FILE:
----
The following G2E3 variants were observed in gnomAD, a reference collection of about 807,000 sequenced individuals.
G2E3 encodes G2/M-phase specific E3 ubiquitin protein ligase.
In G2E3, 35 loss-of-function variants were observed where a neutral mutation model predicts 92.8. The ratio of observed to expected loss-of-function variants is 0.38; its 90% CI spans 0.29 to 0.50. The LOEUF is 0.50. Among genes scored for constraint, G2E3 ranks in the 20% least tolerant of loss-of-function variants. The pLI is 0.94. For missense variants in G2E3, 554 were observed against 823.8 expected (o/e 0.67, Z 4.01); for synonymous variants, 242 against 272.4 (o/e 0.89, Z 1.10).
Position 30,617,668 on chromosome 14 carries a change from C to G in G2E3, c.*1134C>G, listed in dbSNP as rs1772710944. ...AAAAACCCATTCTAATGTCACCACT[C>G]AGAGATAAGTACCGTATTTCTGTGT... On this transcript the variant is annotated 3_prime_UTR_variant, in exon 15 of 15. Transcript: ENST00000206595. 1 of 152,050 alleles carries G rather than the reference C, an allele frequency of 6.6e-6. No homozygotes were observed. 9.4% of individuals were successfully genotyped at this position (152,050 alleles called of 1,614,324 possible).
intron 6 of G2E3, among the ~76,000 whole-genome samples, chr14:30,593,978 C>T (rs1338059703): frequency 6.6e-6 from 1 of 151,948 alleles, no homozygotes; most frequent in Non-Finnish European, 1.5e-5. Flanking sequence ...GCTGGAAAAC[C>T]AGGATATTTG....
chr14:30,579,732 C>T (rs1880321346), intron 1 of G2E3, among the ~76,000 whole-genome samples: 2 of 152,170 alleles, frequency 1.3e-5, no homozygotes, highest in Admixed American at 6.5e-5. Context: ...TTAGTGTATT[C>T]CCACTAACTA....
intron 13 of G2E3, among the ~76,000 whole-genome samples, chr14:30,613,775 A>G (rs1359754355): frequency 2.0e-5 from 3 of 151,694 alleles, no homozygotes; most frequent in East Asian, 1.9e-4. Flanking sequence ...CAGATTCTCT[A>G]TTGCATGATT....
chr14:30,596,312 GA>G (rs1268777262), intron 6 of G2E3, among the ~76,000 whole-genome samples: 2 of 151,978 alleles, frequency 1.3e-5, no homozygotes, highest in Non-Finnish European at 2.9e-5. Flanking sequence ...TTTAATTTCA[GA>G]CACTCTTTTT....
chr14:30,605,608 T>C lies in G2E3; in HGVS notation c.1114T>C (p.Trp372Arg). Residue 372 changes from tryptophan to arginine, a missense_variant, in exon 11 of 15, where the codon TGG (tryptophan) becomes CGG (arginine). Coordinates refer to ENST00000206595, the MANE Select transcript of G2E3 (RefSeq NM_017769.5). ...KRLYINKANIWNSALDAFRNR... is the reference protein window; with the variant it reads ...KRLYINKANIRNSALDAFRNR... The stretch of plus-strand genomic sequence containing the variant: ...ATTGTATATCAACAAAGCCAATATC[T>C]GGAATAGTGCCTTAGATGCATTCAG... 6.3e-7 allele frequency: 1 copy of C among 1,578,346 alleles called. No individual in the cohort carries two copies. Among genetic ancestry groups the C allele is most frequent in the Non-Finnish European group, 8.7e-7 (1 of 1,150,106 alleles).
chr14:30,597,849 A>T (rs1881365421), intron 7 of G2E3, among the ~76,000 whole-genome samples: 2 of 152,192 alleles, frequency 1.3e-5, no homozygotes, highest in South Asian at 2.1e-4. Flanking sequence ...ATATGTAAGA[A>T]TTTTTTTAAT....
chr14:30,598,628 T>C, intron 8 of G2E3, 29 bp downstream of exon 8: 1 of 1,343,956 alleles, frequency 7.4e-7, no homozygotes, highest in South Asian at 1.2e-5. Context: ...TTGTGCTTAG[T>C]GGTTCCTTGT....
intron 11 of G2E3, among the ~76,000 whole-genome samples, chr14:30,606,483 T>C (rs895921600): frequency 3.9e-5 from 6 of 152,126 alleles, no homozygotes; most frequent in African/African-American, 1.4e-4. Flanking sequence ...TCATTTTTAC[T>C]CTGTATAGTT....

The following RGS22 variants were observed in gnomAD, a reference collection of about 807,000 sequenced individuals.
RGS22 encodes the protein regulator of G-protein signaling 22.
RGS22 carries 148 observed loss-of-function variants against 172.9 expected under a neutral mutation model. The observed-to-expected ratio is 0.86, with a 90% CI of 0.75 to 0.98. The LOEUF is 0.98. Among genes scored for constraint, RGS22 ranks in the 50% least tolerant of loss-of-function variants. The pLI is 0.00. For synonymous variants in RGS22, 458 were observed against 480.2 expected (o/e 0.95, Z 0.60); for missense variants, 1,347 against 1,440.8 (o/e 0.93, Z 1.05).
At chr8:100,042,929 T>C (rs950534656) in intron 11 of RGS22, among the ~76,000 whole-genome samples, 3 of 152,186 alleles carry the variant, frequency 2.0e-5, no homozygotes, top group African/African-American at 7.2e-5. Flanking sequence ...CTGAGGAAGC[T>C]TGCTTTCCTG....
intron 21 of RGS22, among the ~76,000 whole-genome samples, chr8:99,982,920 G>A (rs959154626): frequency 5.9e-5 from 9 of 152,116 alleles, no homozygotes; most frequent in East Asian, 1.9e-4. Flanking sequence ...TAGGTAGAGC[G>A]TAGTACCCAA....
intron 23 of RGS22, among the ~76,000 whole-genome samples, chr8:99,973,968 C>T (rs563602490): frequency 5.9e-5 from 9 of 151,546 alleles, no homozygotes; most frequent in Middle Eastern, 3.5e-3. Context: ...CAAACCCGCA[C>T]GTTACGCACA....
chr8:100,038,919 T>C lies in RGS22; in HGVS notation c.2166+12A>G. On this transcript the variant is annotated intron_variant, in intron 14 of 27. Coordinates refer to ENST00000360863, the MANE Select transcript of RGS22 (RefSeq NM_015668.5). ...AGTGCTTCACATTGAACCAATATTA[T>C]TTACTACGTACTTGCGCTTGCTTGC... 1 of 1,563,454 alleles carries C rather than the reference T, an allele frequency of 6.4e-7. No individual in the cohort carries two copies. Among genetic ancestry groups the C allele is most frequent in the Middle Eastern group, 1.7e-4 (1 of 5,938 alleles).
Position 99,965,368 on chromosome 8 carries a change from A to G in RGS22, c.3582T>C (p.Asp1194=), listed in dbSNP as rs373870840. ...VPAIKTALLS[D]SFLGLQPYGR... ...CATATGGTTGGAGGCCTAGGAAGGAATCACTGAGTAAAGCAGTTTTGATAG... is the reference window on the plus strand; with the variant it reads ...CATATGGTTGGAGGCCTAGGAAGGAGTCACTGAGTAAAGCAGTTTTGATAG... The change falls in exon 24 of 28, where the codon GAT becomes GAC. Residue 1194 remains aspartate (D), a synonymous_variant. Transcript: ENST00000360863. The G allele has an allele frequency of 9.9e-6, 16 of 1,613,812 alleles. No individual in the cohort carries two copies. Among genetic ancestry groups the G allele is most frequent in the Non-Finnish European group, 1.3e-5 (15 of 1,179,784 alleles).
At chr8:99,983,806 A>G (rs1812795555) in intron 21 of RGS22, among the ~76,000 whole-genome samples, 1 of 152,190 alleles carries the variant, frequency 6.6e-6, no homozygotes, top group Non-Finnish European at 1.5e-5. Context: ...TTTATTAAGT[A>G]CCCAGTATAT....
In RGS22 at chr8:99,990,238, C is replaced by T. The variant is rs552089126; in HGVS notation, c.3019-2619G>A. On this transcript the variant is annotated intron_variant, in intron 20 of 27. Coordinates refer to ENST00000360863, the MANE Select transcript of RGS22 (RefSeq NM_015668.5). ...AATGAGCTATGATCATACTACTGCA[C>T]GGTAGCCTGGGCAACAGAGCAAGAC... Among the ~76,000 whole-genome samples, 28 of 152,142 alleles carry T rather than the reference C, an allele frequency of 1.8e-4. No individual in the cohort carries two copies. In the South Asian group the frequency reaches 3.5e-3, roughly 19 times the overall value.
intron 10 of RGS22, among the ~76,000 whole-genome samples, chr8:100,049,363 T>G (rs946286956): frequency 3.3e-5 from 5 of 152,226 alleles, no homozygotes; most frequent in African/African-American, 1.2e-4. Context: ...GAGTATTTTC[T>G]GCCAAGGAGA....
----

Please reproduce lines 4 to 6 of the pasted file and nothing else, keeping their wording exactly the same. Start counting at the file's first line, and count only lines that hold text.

Position 30,617,668 on chromosome 14 carries a change from C to G in G2E3, c.*1134C>G, listed in dbSNP as rs1772710944. ...AAAAACCCATTCTAATGTCACCACT[C>G]AGAGATAAGTACCGTATTTCTGTGT... On this transcript the variant is annotated 3_prime_UTR_variant, in exon 15 of 15. Transcript: ENST00000206595. 1 of 152,050 alleles carries G rather than the reference C, an allele frequency of 6.6e-6. No homozygotes were observed. 9.4% of individuals were successfully genotyped at this position (152,050 alleles called of 1,614,324 possible).
intron 6 of G2E3, among the ~76,000 whole-genome samples, chr14:30,593,978 C>T (rs1338059703): frequency 6.6e-6 from 1 of 151,948 alleles, no homozygotes; most frequent in Non-Finnish European, 1.5e-5. Flanking sequence ...GCTGGAAAAC[C>T]AGGATATTTG....
chr14:30,579,732 C>T (rs1880321346), intron 1 of G2E3, among the ~76,000 whole-genome samples: 2 of 152,170 alleles, frequency 1.3e-5, no homozygotes, highest in Admixed American at 6.5e-5. Context: ...TTAGTGTATT[C>T]CCACTAACTA....